The retail industry often falls in love with its own sound bites. Sexy acquisitions, beautiful in-store PR photos and even charismatic retail personalities are as frequent in the headlines as gnats at a summer barbeque. Yet, the industry gravitates towards them week after week despite the cluttered notice-me landscape in the rare chance that they may offer hope in the face of what is a rapidly advancing and unknown retail future.
Macy’s acquisition of STORY this past year is one such example. STORY was supposed to be the shining beacon on the hill for Macy’s, but sadly, upon close inspection, looks like nothing more than an ironic chapter in Macy’s potential denouement.
The Macy’s and STORY Partnership
STORY, until Macy’s acquired it, had been a novel, even niche, retail concept. Every four to eight weeks, the STORY store, right off the High Line in West Chelsea, New York, would close down, refashion itself, and tell a new coordinated, merchandising story. Some weeks the story would be about robots, some weeks it would be about love, and yada yada yada…you get the idea.
Then, in May 2018, Macy’s bought STORY for an undisclosed amount, made STORY’s CEO Rachel Shechtman its new “brand experience officer,” and soon after, voila, STORY launched within 36 Macy’s stores nationwide this past April. Within the new April STORY concept, color was the ‘theme” of the day, there was a whos-who list of partners involved — e.g. MAC Cosmetics, Crayola, Levi’s Kids, etc. — and, most importantly, the PR photos looked amazing!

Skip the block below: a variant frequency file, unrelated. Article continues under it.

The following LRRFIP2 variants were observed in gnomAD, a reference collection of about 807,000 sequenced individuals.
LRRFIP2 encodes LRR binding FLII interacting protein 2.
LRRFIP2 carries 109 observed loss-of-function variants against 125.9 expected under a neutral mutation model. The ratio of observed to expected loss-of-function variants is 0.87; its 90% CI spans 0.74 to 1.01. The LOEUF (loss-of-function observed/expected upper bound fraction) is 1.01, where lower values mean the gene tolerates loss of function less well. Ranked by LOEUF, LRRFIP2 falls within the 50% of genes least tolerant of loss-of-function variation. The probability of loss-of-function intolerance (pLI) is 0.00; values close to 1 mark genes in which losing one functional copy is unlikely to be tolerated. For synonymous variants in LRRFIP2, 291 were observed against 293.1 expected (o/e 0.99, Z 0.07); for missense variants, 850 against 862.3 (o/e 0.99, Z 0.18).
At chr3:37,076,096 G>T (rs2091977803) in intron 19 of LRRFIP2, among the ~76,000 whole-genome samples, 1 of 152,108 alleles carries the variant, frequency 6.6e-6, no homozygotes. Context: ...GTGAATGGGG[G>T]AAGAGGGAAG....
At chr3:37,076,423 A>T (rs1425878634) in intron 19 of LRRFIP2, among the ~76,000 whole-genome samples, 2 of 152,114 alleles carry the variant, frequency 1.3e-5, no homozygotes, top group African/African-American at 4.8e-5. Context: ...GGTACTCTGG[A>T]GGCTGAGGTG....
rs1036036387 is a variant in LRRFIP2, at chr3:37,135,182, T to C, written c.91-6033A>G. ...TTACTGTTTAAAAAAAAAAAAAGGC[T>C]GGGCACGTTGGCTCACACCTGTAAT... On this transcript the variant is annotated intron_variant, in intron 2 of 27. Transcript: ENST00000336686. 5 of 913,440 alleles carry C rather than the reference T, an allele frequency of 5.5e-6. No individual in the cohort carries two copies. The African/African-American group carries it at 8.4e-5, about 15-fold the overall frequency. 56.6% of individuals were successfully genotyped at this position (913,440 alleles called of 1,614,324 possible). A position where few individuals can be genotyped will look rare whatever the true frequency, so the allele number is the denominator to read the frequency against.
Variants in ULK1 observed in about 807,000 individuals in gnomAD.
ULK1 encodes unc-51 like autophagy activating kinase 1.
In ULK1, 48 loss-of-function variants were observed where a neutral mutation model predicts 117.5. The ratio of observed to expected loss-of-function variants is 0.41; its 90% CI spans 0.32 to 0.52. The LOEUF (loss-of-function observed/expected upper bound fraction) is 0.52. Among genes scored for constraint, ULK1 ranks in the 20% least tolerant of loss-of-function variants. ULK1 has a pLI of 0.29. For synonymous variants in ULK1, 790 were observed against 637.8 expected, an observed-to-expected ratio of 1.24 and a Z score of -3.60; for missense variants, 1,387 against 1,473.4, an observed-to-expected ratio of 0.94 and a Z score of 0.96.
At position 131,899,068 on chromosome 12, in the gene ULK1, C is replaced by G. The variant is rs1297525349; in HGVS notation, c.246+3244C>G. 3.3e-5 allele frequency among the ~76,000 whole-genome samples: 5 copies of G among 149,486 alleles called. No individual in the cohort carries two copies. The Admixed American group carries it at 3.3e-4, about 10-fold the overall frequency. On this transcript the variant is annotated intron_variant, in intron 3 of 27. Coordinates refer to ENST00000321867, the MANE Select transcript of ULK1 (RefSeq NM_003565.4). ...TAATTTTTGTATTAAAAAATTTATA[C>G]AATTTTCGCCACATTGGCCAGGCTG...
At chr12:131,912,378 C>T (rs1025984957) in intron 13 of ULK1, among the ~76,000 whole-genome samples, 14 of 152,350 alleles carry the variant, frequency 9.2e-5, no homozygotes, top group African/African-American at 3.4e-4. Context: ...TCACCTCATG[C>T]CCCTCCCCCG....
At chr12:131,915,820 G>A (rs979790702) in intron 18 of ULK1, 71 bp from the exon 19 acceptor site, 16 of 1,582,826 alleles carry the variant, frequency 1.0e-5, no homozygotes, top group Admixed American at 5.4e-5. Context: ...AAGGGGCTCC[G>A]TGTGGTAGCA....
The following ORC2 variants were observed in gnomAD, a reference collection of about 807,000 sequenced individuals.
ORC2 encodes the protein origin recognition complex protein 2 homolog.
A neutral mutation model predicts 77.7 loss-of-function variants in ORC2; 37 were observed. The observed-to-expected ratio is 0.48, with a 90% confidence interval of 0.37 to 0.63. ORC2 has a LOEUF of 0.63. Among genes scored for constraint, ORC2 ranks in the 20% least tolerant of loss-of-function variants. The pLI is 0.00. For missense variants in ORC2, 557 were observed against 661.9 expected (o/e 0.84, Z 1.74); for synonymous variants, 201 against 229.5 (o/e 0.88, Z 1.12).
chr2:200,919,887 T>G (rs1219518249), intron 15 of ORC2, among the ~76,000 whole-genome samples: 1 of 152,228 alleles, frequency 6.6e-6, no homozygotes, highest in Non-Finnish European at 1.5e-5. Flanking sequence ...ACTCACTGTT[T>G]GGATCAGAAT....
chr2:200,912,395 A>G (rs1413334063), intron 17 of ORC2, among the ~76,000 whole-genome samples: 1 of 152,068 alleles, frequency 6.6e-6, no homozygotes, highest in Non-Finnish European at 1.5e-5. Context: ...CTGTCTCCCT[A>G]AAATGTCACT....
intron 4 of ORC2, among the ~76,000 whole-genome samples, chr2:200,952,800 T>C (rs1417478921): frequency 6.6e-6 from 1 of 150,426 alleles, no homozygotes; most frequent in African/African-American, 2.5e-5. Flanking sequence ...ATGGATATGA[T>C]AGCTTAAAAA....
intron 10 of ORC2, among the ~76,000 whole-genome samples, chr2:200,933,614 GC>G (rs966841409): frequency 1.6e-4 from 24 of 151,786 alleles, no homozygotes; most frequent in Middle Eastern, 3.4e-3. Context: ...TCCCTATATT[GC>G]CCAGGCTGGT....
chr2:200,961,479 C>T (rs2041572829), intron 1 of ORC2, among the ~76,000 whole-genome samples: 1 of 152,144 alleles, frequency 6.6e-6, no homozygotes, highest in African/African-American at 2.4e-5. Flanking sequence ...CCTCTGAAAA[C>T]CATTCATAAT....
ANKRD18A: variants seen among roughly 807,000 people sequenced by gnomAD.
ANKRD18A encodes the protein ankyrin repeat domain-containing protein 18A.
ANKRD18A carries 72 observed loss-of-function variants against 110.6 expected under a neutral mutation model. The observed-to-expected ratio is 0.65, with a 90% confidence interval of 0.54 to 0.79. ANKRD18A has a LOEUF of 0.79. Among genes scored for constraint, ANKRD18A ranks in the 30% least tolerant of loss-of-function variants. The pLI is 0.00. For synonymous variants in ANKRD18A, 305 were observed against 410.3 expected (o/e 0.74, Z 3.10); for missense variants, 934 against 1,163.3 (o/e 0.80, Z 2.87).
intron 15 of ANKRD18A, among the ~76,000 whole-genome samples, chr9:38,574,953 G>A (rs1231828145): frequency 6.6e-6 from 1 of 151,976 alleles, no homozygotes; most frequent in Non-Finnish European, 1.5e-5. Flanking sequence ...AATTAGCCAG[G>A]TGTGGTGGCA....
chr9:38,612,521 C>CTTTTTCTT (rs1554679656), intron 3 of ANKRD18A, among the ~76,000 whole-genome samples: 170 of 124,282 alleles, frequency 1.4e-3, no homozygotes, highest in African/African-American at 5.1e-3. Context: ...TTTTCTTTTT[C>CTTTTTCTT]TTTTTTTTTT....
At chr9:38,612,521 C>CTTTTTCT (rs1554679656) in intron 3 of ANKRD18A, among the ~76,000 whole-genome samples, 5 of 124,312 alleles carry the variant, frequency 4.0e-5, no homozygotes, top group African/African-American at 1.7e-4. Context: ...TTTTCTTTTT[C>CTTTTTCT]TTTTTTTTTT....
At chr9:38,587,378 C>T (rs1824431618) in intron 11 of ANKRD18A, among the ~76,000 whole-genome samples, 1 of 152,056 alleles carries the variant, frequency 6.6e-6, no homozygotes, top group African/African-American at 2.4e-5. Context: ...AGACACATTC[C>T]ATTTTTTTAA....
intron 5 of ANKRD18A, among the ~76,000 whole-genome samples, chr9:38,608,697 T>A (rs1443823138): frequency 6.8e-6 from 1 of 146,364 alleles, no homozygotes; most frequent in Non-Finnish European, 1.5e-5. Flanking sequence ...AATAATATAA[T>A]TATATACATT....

Appearance vs. Reality
Not surprisingly then, and with all the colorful photos in hand, I was excited to see STORY in real life and to see if it lived up to all the hype. I wanted to give Macy’s the biggest chance to knock my socks off that I could, especially since I have been critical of the future outlook of both Macy’s and department stores overall in the past. I wanted to see the concept, not in New York, but far away in the middle of the country, away from Macy’s central HQ operations and away from a flagship experience on which so many others have already commented.